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William Anderson

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William Anderson
American Contemporary Photographer
William Anderson was born in Selma, Alabama during the Great Depression. Though best known for documenting the African American experience in the South, Anderson began his career as a sculptor. He studied sculpture at the Instituto Allende in San Miguel, Mexico and received his M.F.A. in 1968. Disappointed with the way that other people photographed his sculptures, Anderson began taking pictures of his own artwork. This decision marked the beginning of a significant transition in his career from a little known sculptor to a critically acclaimed photographer.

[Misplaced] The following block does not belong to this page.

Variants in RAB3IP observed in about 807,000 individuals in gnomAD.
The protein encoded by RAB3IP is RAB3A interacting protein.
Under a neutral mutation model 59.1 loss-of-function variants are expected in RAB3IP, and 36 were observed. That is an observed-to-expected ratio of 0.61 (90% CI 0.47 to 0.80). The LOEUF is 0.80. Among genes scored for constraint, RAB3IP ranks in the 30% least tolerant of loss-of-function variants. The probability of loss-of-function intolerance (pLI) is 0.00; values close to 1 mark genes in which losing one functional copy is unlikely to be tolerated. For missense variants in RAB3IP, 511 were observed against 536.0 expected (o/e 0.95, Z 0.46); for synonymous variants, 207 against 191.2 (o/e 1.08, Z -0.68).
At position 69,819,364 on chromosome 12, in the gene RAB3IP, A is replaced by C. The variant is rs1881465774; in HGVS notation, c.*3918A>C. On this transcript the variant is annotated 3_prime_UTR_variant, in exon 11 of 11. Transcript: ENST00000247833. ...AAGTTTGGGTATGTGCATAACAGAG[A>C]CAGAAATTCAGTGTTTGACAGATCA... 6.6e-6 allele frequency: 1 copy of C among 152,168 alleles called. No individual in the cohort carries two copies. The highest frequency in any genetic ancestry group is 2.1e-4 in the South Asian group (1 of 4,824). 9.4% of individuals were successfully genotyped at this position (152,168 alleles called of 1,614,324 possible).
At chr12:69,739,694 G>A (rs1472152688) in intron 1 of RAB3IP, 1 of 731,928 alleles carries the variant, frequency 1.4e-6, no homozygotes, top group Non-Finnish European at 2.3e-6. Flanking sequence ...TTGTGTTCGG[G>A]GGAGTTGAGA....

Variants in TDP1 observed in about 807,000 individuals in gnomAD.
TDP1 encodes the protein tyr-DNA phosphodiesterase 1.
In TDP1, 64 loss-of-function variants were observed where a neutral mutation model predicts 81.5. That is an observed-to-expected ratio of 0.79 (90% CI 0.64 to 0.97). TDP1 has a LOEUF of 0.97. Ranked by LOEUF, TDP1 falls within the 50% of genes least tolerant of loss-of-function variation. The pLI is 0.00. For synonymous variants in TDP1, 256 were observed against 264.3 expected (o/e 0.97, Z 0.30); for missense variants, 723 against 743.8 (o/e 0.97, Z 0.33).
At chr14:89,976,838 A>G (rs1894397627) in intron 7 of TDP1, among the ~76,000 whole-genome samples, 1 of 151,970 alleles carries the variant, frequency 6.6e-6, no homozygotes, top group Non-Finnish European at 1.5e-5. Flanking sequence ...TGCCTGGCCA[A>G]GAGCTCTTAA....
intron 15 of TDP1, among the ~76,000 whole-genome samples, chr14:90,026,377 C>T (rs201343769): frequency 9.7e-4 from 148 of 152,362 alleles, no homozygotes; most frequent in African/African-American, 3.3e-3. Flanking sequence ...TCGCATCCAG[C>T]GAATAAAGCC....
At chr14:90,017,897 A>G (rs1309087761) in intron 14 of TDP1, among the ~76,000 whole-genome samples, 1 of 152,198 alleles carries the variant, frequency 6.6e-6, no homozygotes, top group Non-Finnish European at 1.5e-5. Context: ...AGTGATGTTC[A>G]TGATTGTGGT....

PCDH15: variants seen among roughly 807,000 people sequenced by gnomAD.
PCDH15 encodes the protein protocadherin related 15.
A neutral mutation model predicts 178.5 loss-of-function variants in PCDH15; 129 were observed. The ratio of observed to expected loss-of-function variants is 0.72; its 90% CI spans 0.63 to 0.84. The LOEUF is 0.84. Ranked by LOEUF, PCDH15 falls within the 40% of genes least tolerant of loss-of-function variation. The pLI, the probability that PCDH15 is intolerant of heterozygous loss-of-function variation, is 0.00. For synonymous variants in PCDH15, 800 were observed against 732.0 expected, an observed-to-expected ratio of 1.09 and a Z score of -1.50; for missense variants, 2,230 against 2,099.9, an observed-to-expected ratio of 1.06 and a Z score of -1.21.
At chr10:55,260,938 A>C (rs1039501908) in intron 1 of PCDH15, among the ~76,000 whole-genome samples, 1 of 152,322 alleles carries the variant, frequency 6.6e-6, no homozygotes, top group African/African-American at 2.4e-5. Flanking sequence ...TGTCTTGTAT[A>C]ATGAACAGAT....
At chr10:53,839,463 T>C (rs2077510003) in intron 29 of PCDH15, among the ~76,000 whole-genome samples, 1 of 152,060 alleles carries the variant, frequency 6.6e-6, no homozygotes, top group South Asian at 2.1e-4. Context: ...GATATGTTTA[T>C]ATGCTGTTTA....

His photography has won national awards and is included in such prestigious collections as the National Gallery of Art in Washington, D.C., The J. Paul Getty Museum in Los Angeles, the Yale University Art Gallery in New Haven, Connecticut, and the High Museum of Art in Atlanta. Anderson was a professor at Morehouse University for many years and served as chair of the art department. He retired in 2007 to pursue his art full time.

Buchanan, Shonda. “Rural Symphonies in Black and White: The Photography of William Anderson, Jr.” International Review of African American Art 22 no 2 (2008).

Written by Aleedra Price (PO ’10) Getty MUI Summer Intern 2010

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